Berlioz’s strikingly imaginative Fantasy on Shakespeare’s The Tempest, the sixth and last part of his follow-up to the Symphonie fantastique, did seem to fit the Last Night context very well, especially when sung so beautifully by the combined BBC choruses and conducted by Sir Andrew in such a clear and expressive fashion. This work was followed by three British choral works with full orchestra. The first was Roxanna Panufnik’s new essay to mark the centenary of the ending of the First World War. For this the BBC Singers sang words from Isaac Rosenberg’s 1914 poem In the Underworld, which, as the composer put it in her programme note, was originally about unrequited love, but could be read as a prophetic look at the next four years, ‘in the sense that the women left at home cannot begin to understand the horrors that their men face in the trenches’. The BBC Symphony Chorus sang words from Kahlil Gibran’s The Prophet which seem ‘to answer and assuage the fears expressed in Rosenberg’s poem’. The two groups began the performance separately but merged into a conversation, sometimes overlapping, and ending on a positive note. The work is well laid out for the two groups and orchestra and in its modestly conservative idiom made a pleasing impression.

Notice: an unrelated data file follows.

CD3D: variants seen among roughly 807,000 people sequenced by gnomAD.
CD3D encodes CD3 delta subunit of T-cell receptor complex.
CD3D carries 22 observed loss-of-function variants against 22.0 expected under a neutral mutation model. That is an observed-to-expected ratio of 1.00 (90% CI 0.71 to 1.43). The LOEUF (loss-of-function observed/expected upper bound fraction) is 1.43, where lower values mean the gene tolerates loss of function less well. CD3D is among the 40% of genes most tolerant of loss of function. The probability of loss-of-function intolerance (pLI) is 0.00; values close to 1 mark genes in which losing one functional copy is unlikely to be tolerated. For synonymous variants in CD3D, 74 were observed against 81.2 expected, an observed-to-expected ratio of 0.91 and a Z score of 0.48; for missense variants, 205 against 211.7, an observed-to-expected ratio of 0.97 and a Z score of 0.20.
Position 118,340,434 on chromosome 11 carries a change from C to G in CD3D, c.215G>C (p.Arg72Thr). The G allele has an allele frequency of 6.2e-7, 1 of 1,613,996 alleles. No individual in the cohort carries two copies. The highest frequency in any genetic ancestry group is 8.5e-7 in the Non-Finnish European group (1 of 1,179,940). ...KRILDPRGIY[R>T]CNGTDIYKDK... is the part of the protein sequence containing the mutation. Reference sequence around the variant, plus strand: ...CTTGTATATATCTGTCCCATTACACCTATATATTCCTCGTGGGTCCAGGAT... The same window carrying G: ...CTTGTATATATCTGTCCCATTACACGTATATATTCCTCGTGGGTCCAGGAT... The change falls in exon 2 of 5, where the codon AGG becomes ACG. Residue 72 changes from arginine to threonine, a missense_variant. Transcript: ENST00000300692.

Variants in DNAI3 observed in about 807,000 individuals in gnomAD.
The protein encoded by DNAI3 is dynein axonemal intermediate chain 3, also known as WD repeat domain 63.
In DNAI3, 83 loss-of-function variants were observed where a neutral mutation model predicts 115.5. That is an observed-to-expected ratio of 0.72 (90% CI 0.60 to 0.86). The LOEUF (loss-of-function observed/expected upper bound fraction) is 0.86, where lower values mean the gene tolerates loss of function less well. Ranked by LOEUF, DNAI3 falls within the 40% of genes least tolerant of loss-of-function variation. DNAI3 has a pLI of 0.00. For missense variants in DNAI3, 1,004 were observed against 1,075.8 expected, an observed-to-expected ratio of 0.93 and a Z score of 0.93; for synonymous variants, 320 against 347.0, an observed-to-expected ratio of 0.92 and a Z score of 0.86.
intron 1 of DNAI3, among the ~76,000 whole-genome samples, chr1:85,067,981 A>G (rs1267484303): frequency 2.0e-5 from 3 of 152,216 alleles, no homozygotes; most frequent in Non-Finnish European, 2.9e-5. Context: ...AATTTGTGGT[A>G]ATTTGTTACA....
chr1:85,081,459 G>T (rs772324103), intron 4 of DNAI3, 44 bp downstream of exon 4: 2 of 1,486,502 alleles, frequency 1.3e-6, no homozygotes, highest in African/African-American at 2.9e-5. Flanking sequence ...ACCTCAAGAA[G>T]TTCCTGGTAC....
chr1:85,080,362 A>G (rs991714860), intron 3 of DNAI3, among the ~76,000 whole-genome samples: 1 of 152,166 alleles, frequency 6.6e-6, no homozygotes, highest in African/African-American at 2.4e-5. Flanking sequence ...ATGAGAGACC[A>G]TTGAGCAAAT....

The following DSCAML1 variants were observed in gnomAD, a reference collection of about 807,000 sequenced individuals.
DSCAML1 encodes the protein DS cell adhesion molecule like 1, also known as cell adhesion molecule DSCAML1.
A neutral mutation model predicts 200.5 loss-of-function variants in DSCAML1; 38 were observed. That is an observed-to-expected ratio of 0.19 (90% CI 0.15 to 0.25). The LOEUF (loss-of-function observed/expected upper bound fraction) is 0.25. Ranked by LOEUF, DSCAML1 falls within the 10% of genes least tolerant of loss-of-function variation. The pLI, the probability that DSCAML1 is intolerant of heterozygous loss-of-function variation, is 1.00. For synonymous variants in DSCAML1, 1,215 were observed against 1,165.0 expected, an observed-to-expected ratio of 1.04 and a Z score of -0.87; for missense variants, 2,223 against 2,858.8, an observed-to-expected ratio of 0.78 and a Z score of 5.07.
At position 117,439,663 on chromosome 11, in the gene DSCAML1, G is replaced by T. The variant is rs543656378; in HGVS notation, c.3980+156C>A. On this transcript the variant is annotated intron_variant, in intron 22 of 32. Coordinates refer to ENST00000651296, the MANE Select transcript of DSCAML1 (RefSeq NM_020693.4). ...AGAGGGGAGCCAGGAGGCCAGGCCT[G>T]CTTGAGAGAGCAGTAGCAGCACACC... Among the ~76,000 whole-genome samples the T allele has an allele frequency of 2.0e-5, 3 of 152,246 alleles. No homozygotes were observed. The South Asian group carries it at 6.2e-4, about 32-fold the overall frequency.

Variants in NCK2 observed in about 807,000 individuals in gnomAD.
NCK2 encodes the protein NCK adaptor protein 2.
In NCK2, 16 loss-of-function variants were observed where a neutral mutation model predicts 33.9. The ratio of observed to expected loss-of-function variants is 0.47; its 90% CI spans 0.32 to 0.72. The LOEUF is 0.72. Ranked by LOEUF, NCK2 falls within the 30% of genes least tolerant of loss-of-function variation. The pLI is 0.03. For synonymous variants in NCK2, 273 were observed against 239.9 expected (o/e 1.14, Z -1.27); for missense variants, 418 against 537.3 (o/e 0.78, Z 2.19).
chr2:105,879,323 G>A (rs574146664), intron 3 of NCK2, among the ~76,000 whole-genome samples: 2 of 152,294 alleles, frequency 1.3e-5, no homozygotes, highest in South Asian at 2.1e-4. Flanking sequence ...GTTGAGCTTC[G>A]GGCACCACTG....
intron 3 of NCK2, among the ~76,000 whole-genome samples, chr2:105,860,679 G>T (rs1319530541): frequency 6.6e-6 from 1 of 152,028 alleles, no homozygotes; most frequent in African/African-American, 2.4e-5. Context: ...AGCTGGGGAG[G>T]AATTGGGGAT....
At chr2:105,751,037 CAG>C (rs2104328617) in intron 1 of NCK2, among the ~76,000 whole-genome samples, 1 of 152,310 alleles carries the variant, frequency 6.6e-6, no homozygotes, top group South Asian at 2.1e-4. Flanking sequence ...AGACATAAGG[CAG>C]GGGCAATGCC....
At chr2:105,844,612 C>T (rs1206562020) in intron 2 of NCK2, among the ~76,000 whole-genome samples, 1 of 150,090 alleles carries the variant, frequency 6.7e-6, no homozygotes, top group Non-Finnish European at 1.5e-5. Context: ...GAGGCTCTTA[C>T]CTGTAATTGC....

Stanford’s characteristically bluff, forthright Songs of the Sea, set for men’s voices (on this occasion from both choral groups) and male soloist, made quite a contrast with Panufnik’s work. It is by no means a masterpiece, but is an effective, well-written set of five songs, all of them reasonably brief: two of them, ‘Drake’s Drum’ and ‘The Old Superb’ have achieved some popularity on their own. Gerald Finley was a capable soloist, and Sir Andrew conducted enthusiastically. On their own the BBC Singers then sang Stanford’s unaccompanied setting of Mary Coleridge’s poem, The Blue Bird. This beautiful song undoubtedly shows Stanford at his considerable best.
To end the first half of the concert both choral groups joined the orchestra in a warmly sympathetic performance of Parry’s setting of Milton’s Blest Pair of Sirens – the last Prom contribution to the anniversary of the composer’s death. This work’s religious connotations and its fine inventive quality have made it an enduring fixture in choral church services.